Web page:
last summer i had the unique experience of becoming connected to a new group of friends. families with children, during the summer, my magical time of year, on the beach (even better). it all started when i was sitting on the beach in sag harbor hills soaking up the rays while editing pages of a book that i was working on to celebrate michael jackson’s life. an old friend, heather, walked by and we started talking. i showed her the galleys and immediately she suggested that we have a party to celebrate. seemingly a blink later she introduced me to someone everyone thought i already knew. as it turns out judia became my guardian angel, opening up her home to me and a pretty large group of hamptonians as we honored the life and legacy of the king of pop.

while that event was amazing, what was even more memorable is what happened amongst our group. the husbands bonded. the wives shared stories. even the children played seemingly in harmony.

and as the summer wore on we all chose to spend more and more time in each other’s company. there were about 10 of us women who came together in various configurations. and, somewhat reminiscent of high school when females find each other and bond, we clung to one another. it was an oddly wonderful experience, particularly given how very busy all of us were and are. most of us are professionals, some of us are full-time moms. all are juggling crowded schedules. and yet, we chose to make time for each other again and again.

i came late to this friend party of women who live at least on weekends in a few different parts of the hamptons. there are three on shelter island, several in sag harbor hills/ninevah/azurest, and a couple who come and go. last summer my family and i laid our heads in the springs though we beached almost exclusively in sag harbor hills. for the women lucky enough to have worked out their schedules to be already on island come friday afternoon, there was the weekly gathering at 3pm on shelter island beach. occasionally men join the group, given that some husbands are out by that time. one friday my family and i joined the group. on a not-too-hot august afternoon, we camped out just to the right of the lifeguard station and shared cocktails, crudite and laughs, all the while relishing in the sweet experience of being in the company of people who shared a kindred soul.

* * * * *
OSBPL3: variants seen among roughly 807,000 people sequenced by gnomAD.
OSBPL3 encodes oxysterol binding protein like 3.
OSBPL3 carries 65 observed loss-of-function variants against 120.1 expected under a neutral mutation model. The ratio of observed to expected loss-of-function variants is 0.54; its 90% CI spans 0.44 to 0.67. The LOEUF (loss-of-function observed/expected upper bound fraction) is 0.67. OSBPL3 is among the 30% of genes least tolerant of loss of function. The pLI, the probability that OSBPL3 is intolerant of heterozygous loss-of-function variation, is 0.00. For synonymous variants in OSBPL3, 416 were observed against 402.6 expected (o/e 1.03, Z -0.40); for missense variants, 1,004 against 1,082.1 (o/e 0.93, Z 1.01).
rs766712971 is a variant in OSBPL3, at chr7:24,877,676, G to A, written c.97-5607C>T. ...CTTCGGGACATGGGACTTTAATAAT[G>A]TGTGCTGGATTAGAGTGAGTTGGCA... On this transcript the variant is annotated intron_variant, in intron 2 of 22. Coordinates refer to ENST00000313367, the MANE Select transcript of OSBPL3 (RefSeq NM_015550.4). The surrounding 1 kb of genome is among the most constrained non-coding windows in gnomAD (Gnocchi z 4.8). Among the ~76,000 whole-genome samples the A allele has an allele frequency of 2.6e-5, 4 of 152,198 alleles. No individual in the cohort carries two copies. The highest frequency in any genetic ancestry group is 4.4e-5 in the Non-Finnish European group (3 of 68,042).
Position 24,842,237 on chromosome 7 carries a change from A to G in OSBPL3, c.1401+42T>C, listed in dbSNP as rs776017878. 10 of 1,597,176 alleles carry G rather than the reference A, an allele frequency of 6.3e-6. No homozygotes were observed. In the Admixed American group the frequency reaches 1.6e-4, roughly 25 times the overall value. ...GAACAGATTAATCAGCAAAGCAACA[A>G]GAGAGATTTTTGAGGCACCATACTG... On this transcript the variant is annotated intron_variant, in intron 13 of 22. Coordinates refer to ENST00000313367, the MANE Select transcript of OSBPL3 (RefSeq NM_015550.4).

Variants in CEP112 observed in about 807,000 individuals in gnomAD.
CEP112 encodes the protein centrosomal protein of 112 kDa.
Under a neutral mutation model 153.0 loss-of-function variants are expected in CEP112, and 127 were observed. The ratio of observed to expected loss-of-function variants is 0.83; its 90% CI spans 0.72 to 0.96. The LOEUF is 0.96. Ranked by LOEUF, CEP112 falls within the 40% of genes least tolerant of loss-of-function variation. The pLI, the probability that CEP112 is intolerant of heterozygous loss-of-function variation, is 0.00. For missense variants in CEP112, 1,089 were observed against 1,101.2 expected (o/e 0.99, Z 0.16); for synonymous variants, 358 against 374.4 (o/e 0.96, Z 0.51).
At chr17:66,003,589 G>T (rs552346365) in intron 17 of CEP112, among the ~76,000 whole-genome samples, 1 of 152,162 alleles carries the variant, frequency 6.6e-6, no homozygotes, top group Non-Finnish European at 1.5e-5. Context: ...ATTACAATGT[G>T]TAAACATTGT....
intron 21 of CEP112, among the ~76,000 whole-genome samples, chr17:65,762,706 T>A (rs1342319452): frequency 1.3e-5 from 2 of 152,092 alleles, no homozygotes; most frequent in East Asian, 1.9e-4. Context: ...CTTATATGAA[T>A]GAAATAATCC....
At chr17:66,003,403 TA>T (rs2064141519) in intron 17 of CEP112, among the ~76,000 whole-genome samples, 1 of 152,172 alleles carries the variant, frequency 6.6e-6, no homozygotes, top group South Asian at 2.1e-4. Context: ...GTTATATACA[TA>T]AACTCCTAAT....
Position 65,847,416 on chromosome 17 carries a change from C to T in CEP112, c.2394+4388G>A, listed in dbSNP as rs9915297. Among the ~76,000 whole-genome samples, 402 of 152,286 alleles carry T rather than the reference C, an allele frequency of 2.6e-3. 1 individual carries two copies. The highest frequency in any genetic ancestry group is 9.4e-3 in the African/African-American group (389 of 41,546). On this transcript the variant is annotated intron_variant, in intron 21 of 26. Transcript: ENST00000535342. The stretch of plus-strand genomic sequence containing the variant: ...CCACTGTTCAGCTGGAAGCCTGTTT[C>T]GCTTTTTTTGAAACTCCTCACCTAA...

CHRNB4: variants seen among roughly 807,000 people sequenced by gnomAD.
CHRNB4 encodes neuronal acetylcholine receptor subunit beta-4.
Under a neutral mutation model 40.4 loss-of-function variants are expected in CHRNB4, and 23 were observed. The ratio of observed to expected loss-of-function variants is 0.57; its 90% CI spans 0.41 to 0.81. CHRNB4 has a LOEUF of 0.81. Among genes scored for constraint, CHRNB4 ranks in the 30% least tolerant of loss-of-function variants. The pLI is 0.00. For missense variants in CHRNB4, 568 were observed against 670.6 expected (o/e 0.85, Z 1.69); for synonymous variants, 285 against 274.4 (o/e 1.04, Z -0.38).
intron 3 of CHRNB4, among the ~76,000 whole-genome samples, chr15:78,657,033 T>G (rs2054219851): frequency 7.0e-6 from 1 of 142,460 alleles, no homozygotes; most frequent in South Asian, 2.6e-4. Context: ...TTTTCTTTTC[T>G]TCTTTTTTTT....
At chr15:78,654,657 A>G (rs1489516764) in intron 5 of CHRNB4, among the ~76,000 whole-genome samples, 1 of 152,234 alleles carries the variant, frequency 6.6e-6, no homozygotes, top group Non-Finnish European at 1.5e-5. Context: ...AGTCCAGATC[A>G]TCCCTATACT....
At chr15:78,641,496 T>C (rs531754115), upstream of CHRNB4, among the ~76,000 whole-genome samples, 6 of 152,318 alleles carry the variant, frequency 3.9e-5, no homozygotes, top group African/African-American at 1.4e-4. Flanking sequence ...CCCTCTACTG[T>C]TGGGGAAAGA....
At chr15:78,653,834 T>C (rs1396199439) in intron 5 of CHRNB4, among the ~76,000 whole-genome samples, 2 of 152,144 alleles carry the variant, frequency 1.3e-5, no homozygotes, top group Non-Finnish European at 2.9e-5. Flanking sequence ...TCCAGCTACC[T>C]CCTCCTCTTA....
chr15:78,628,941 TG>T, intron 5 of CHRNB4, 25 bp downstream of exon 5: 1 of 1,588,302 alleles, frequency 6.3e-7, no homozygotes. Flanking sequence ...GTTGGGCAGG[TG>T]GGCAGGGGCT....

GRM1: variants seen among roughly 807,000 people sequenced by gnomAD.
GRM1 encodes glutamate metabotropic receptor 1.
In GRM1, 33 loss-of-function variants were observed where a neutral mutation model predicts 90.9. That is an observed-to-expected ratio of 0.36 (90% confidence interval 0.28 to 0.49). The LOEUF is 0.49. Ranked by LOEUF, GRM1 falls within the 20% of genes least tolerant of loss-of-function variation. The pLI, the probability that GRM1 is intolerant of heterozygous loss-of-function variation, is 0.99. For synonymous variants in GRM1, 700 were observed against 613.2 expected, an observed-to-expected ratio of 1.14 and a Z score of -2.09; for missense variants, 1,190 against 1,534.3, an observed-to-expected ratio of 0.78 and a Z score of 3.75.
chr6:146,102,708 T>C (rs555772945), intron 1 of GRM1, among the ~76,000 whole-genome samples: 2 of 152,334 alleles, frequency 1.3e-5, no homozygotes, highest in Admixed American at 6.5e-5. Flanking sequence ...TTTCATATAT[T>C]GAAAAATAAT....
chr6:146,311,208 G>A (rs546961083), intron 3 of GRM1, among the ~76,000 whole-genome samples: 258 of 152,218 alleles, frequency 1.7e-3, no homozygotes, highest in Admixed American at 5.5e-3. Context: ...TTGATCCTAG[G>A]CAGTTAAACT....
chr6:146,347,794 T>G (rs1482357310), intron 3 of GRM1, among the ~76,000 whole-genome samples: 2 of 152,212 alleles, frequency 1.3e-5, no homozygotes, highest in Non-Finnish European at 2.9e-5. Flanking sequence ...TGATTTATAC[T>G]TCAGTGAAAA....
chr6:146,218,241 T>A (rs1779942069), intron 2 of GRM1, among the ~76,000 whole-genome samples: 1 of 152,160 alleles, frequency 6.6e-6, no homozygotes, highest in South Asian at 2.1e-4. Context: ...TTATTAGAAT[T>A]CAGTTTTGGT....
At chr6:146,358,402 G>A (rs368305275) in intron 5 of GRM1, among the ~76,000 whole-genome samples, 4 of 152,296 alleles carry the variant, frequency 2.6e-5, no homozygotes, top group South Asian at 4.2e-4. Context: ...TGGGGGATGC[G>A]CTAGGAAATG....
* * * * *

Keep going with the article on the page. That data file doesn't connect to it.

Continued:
that day was funny because george, carrie and i almost missed the party. we arrived on time, eager to join the group. but we went to the wrong side of the beach at first. we set up our elaborate camp that includes a UV tent we have had since carrie was born, our special plastic woven blanket from bali that is perfect for lounging without getting soiled by the sand, our umbrella, cooler, chairs, the works. as the time kept ticking by, carrie’s godmothers joined us and we were cool, but where were our new friends? how about 40 paces away in the other direction? never mind they shouldn’t have been hard to find. the group is primarily brown-skinned, and the population of shelter island beach is primarily pink. go figure.

we found each other and had a blast. when i noticed george out of my peripheral vision sharing tastes of last summer’s favorite drink–cafe patron–smiling broadly and saluting, i knew the magic was happening. the boys were connecting too!

it was a summer we will never forget for a thousand tiny reasons.  as the season came to an end, we reluctantly crept back into our full-on city lives. one friend shared the bittersweet truth that the connections often dissipate during the hibernation months. people are busy in the city and often don’t make time for each other the way they do in the summer. she urged me not to fret, that soon summer would come again.

a few of us stayed close during the chill, but she was right about the friend pause.

no matter. summer is back again. and we are connected, though unlike last summer my family and i are not out east every weekend, but we are there plenty. unlike last year, one smart mom, yvette,  had a brilliant idea–to create a get-together night in the city during the week when the girlfriend connections could continue to foster even for those who don’t get away out east come friday. and so she created rooftop cocktails, a weekly gathering of girlfriends who choose to commune like we did last summer, like so many of us did before we had responsibilities.